Reading List: April 2016

  1. The Poems of Sappho, Sappho / Trans. Willis Barnstone (Poems, ~600 B.C.)
  2. The Driver’s Seat, Muriel Spark (Novel, 1970)
  3. Illness as Metaphor, Susan Sontag (Non-fiction, 1978)
  4. Rivers to the Sea, Sara Teasdale (Poems, 1926)


It’s been a slow month where I read almost nothing for the first two weeks, and spent a lot of time going very, very slowly through some books which are still not done. (Hence the snail.  But why is he nude!!)

I really wish I could read right now.

Flowers, herbs, and seeds

I haven’t been reading as much as I should this month, so I’ve been thinking back on other books.  My Cousin Rachel seems like something nice for this time of year, when we’ve got rain and all the plants are blooming.

I’ve only read two books by Daphne du Maurier, and I definitely preferred Rebecca to Rachel.  Mostly because of the protagonists. Rachel‘s protagonist is a man who goes from the ages of 24 and 25, and he is abhorrent.  The author perfectly captures the entitlement and foundless confidence of young men, which is admirable, but I often found myself a bit too repulsed by him, even if that was perhaps the point.  The second Mrs. de Winter, by contrast, was always a delight to read about.

But anyway, I read My Cousin Rachel a while ago and don’t have the clearest memory of it.  But I do have a clear memory of the aesthetic:

  • Spring rain
  • Black lace
  • Stormy weather
  • Herbal teas
  • Seeds and dried herbs
  • Planting flowers and the smell of soil
  • Priceless gems
  • Cold, wet, windy days and nights

The mud makes me want to drink sweet tisanes and experiment with spices, thanks to Daphne du Maurier.

It rained yesterday and I bought thyme, cardamom, barley, split peas, two sapphires, and peaches.  Then jasmine, chamomile, lemon, and mint teas.


The Pillow Talk

‘It struck me,’ Ailill said, ‘how much better off you are today than the day I married you.’
‘I was well enough off without you,’ Medb said.
‘Then your wealth was something I didn’t know or hear much about,’Ailill said. ‘Except for your own woman’s things and the neighbouring enemies making off with loot and plunder.’
‘Not at all,’ Medb said, ‘but with the high king of Ireland for my father — Eochaid Feidlech the steadfast, the son of Finn, the son of Finnoman, the son of Finnen, the son of Finngoll, the son of Roth, the son of Rigéon, the son of Blathacht, the son of Beothacht, the son of Enna Agnech, the son of Aengus Turbech.  He had six daughters: Derbriu, Ethne, Ele, Clothru, Muguin, and myself Medb, the highest and haughtiest of them.  I outdid them in grace and giving and battle and warlike combat.  I had fifteen hundred soldier in my royal pay, all exiles’ sons, and the same number of freeborn native men, and for every paid soldier I had ten more men, and nine more, and eight, and seven, and sic, and five, and four, and three, and two, and one.  And that was only our ordinary household.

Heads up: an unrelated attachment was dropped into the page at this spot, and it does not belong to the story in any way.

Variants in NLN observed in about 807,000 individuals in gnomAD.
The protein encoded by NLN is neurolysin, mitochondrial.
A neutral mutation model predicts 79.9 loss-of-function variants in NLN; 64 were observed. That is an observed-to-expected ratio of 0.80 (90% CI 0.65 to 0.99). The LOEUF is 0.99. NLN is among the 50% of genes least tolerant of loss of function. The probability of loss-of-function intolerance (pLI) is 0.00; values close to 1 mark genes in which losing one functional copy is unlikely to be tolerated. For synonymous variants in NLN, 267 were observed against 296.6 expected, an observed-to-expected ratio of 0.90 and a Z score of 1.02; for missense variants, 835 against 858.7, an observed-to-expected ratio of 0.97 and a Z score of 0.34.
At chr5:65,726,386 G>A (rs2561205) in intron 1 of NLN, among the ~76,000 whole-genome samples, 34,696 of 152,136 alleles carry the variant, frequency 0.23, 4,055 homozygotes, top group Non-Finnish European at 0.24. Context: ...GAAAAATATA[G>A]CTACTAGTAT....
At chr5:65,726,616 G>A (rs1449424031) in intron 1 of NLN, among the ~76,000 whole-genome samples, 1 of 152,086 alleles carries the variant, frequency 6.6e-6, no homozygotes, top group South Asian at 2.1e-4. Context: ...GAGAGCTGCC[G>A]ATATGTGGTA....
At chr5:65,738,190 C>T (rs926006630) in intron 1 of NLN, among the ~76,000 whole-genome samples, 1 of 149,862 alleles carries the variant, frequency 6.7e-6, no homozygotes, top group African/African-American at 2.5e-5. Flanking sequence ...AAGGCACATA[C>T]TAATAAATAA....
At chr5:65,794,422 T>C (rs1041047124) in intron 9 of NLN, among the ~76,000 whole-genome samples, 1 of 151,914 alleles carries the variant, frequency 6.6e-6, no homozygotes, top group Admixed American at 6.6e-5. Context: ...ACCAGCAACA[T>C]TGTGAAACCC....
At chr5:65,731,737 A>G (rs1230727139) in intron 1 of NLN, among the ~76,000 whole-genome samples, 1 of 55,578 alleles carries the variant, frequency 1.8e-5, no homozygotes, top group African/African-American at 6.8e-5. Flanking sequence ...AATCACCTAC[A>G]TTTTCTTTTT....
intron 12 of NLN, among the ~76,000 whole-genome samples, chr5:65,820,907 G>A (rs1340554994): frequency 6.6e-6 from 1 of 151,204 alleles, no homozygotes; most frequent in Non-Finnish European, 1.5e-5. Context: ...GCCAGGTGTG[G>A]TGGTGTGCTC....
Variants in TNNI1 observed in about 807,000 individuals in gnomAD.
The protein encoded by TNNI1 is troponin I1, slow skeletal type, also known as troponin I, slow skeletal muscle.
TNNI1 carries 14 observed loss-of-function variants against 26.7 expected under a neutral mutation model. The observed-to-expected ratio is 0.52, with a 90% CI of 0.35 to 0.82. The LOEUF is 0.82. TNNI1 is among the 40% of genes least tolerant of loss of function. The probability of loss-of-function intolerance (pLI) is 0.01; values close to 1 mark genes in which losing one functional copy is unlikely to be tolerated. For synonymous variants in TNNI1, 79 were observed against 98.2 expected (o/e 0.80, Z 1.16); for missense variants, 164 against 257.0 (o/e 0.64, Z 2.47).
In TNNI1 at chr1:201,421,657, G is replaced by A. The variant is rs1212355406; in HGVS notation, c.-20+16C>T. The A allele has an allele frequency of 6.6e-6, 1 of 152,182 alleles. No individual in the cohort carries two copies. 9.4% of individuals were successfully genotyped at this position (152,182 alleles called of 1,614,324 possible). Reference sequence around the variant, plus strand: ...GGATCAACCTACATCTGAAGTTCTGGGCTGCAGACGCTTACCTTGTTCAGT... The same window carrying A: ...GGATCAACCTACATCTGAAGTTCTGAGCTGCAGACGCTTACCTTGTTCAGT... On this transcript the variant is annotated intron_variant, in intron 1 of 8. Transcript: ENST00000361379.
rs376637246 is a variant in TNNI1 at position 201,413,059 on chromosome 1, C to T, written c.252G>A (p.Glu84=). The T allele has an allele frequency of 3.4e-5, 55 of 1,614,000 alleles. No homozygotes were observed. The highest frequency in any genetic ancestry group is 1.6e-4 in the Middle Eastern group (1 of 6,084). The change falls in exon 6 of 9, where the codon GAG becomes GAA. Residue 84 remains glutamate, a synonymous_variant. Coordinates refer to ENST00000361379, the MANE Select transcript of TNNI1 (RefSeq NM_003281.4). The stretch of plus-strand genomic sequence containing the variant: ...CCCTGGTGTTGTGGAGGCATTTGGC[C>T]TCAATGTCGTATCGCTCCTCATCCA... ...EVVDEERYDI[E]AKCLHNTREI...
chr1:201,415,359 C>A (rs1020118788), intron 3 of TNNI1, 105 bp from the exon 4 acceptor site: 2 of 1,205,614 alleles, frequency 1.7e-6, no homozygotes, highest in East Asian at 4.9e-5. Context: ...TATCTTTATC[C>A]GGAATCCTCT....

‘My father gave me a whole province of Ireland, this province ruled from Cruachan, which is why I am called “Medb of Cruachan.”  And they came from Finn the king of Leinster, Rus Ruad’s son, the woo me, and from Coirpre Niafer the king of Temair, another of Rus Ruad’s son’s.  They came from Conchobar, king of Ulster, son of Fachtna, they came from Eochaid Bec, and I wouldn’t go.  For I asked a harder wedding gift than any women ever asked before from a man in Ireland — the absence of meanness and jealousy and fear.
‘If I married a mean man our union would be wrong, because I am so full of grace and giving.  It would be an insult if I were more generous than my husband, but not if the two of us were equal in this.  If my husband was a timid man our union would be just as wrong because I thrive, myself, on all kinds of trouble.  It is an insult for a wife to be more spirited than her husband, but not if the two are equally spirited.  If I married a jealous man that would be wrong, too: I never had one man without another waiting in his shadow.  So I got the kind of man I wanted: Rus Ruad’s other son — yourself, Ailill, from Leinster.  You aren’t greedy or jealous or sluggish.  When we were promised, I brought you the best wedding gift a bride can bring: apparel enough for a dozen men, a chariot worth thrice seven bondmaids, the width of your face of red gold and the weight of your left arm of light gold.  So, if anyone causes you shame or upset or trouble, the right compensation is mine,’ said Medb, ‘for you’re a kept man.’


The Táin Bó Cuailnge is the only epic I’ve ever read, and though I did not enjoy having to write an exam on it, I think I like it.  At the very least, I like Medb, and I like her confidence, her entitlement, her strength, and her introspection.  I would like to be more like her.

Poems for the earliest moments of April 21st

From Sara Teasdale’s Rivers to the Sea


  THE roofs are shining from the rain,
The sparrows twitter as they fly,
And with a windy April grace
The little clouds go by.

  Yet the back-yards are bare and brown
With only one unchanging tree—
I could not be so sure of Spring